Phony Indians

TIM GIAGO

January 27, 1993|By TIM GIAGO

RAPID CITY, SOUTH DAKOTA — Rapid City, South Dakota.--All the traditional people of the Cherokee Nation were mortified the night Harley ''Swift Deer'' Reagan made his Home Box Office television debut in a program titled ''Real Sex.'' The tribe denounced Mr. Reagan, saying he had disgraced the Cherokee Nation, and demanded an on-air apology from HBO. Of course, this never happened.

The Harley Reagan segment was aired as part of the national ''Real Sex'' series. His presentation consisted of naked men and women engaged in various forms of embracing and touching, which ''Swift Deer'' claimed were ancient Cherokee sex rituals.

''Swift Deer'' was quickly exposed as a fraud by the principal chief of the Cherokee Nation, Wilma Mankiller. She said the Cherokee Nation was embarrassed by the whole episode and would attempt to stop such inaccurate portrayals of the Cherokee people. The television producers of this show, Sheila Nevins and Patti Caplenn, did not bother to check out the tribal affiliation of Mr. Reagan. They simply took him at his word.

This is not an isolated case. Men and women in many areas of the United States are using Indian spirituality for fun and games and, worse than that, for profit. They form small groups and call themselves Bear Clan, Red Hawk Clan and other descriptive names intended to mislead.

They have names like Buck Ghost Horse, Peter Bear Walks, Art Horn, Douglas ''Medicine Hawk'' Wilbourne and Barbara Pequot. These are some of the more authentic sounding names. Harley Reagan's Deer Tribe has such members as Mary Flaming Crystal Mirror, Karen Laughing Otter Woman, Gael Crystal Light Warrior, Jan Soaring Fire Bird and Liz ''Sun Dolphin'' Chandra. Creative names for imaginative people.

Once California-based, this ''tribe'' has been trying to open shop in Phoenix, despite the loud protest of the true Indian people there. I suppose these false Indians have been around for many years, but it seems that since the movie ''Dances With Wolves'' they have begun to proliferate. Certain ''New Age'' followers have also discovered Indian-ness and include many supposed Indian rituals in their ceremonies.

Several years ago, a gentleman calling himself Jamake Highwater began to make a name for himself as a great Indian scholar and teacher. He did a show for National Public Television and wrote several books without having his authenticity checked out. The now-defunct Indian newspaper Awkesasne Notes exposed him as a fraud.

My purpose in writing this column is to alert the general population and the national media that there are a lot of people out there claiming to be Indian who are not. These would-be Indians get jobs at universities, television stations and newspapers or set up their own spirituality-for-profit scam, all by virtue of claiming to be Indian. Most universities do not bother to check out their stories, nor do television station managers or newspaper publishers.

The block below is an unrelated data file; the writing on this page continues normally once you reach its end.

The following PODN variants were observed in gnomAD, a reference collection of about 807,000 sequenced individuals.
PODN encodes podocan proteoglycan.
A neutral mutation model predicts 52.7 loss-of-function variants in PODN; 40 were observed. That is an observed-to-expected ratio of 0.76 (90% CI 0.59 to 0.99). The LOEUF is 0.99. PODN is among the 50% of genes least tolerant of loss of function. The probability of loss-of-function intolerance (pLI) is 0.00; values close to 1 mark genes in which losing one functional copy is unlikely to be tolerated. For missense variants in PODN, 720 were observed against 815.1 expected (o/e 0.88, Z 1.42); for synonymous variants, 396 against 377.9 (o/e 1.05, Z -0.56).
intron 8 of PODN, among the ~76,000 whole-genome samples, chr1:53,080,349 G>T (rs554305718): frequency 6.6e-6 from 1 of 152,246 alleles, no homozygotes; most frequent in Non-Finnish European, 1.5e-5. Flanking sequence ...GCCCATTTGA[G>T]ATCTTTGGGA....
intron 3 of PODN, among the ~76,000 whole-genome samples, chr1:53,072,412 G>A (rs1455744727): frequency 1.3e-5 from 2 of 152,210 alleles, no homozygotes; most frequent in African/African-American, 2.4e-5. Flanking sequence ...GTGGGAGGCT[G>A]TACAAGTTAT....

It is very simple to check out their credentials. Ask them what tribe they belong to and then call that tribe's enrollment office to see if they are indeed an enrolled member. If a person is enrolled, it means he or she has met all of the eligibility requirements of the tribe. It means they can vote, run for office and avail themselves of other entitlements as enrolled members of an Indian tribe. Non-members are not entitled to these things.

One favorite ploy is to claim Metis blood. Metis are those people of mixed blood living in Canada. Most of the wannabes know they can hide under the veil of their claims as Metis because it is very difficult to check them out. One professional Indian, who at one time claimed Cherokee, later Choctaw and finally Lakota blood, eventually settled on Metis and is now pretty well accepted on the lecture circuit.

It is not so much that some people make these claims -- although it makes one wonder what it is about their own race they cannot abide -- but it is troubling to most traditional Indians that these false shamans, writers and educators are pretending to be something they are not for career advancement or profit. Not knowing the true culture, history, traditions and spirituality of the people they pretend to be can be very damaging to those being ripped off.

What is worse, the messages they give and the lessons they teach are often misguided and erroneous. The only people damaged by this intrusiveness are the true or real American Indians.

Tim Giago is editor-in-chief and publisher of Indian Country Today, formerly the Lakota Times, which he founded in 1981.

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